MRI Approach

Solution Focused Approach

  • George, C. M. (2008). Solution-focused therapy: Strength-based counseling for children with social phobia. Journal of Humanistic Counseling, Education, and Development, 47, 144.
Article Synopsis: Awaiting Interlibrary Loan GS

Article Synopsis: This article focuses on brief solution-focused therapy with parents and adolescents with ADHD. It illustrates an emphasis of the co-construction of solutions from conversations between a school social worker and the client. The school social worker's questioned the client to recognize prior successes, solutions and visualize future solutions. BV
Article Synopsis: A quasi-experiment of 239 children who were referred to counseling by their school, with pretest/post test design compared treatment engagement in a solution-focused therapy group and a "treatment-as-usual" group.. The solution-focused therapy group had better treatment engagement; however, no statistically significant differences were found between groups on perceptions of child behaviors from either parents or child reports. BV

Article synopsis: Coming soon BV

Article Synopsis: Synopsis coming soon. BV

  • Kvarme, L. G., Aabø, L. S., & Saeteren, B. (2013). "I Feel I Mean Something to Someone:" Solution-Focused Brief Therapy Support Groups for Bullied Schoolchildren. Educational Psychology In Practice, 29(4), 416-431.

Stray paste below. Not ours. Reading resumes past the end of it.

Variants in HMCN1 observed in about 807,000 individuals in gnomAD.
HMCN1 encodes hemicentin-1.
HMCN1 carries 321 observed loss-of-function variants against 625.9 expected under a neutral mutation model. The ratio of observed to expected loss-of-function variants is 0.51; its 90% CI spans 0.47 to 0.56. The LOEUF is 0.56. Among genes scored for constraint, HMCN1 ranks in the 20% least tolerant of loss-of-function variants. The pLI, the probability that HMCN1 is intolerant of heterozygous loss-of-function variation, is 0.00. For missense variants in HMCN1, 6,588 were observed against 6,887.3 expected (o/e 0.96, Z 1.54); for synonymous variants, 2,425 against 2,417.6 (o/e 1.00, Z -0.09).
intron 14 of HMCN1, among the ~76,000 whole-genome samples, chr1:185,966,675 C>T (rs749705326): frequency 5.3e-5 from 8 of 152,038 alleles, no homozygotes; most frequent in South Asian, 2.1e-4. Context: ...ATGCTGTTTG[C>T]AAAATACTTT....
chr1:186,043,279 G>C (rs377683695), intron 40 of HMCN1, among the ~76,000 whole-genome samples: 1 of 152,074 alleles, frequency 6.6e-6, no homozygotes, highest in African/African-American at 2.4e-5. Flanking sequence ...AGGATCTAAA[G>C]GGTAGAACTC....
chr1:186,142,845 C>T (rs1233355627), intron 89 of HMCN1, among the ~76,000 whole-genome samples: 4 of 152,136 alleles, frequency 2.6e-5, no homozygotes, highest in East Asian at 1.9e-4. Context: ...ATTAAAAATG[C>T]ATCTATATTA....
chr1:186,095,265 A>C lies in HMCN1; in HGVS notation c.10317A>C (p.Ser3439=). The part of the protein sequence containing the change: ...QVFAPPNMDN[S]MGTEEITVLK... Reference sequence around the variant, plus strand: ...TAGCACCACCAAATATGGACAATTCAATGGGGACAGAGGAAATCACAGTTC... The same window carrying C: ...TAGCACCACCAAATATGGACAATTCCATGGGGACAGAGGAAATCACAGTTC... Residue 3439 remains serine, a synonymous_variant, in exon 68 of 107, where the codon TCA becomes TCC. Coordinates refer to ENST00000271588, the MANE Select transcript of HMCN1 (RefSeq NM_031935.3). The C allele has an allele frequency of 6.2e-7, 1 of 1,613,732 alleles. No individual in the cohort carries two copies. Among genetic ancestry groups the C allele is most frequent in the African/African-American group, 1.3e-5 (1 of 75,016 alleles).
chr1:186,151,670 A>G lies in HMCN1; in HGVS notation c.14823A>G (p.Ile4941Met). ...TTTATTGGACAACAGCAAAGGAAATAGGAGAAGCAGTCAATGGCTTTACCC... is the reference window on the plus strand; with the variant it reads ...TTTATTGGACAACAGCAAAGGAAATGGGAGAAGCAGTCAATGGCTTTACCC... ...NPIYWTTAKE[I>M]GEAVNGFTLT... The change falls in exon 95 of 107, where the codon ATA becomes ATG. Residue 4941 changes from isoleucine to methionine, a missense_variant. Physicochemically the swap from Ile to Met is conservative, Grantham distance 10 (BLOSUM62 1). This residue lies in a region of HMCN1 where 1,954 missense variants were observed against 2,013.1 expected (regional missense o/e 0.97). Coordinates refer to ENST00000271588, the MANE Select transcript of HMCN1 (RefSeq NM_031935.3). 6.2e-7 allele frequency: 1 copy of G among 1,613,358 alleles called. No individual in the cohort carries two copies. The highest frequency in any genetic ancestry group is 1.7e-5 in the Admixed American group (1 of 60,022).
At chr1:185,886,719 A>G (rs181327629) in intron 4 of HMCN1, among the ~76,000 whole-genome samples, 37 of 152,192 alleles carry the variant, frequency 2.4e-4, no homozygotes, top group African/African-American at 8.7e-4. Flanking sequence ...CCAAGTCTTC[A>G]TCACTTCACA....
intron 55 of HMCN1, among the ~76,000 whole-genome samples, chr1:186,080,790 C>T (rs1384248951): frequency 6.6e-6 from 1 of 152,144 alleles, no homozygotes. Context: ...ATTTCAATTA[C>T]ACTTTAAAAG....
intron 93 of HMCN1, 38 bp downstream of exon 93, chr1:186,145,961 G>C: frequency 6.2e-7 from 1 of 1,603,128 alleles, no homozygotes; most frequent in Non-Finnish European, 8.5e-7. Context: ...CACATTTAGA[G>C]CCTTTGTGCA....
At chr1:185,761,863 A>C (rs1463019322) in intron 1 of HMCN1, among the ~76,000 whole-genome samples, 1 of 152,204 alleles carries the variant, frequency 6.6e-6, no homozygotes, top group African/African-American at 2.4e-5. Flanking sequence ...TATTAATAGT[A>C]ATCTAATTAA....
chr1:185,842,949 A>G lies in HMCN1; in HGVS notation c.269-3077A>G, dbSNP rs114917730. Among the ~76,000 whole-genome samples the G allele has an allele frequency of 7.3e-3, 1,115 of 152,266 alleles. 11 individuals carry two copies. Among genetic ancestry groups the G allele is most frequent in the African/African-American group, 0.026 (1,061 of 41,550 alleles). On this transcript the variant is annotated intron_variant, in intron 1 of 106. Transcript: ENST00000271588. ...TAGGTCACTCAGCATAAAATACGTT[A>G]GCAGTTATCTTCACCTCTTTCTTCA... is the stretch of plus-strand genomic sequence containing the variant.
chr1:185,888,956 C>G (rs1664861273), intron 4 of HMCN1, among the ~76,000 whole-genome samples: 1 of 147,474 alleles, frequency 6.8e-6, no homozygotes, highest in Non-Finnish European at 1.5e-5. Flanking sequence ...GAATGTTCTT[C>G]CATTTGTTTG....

Article Synopsis:
The aim of this study was to investigate how bullied schoolchildren experience solution-focused brief therapy support groups, and to examine how members of the support group experience their participation in the group. The participants consisted of 19 schoolchildren, aged 12–13 years, three of whom were bullied. There were 18 girls and 1 boy. 3 of the girls received support from the group and 16 children participated in the support groups. The children were from different classes in two different schools in Norway.Six individual interviews were conducted with the bullied children and three focus group interviews were held with the support groups. The individual interviews explored the bullied children’s experiences of having a support group. The focus group interviews were used to explore the other children’s experiences of their participation in the support groups. It was found that the bullied children reported that the bullying stopped after they received help from the support group and the improvements remained after three months. Their daily lives at school changed and they felt safer and happier and made friends. Members of the support groups reported that they believed they were doing a meaningful job in helping the victims. Three main themes were identified in the analysis of the individual interviews: from frightening to safe; from isolation to friendship; and from being invisible to being visible. A minority reported that they experienced some challenges with other students after being a help to the bullying victim.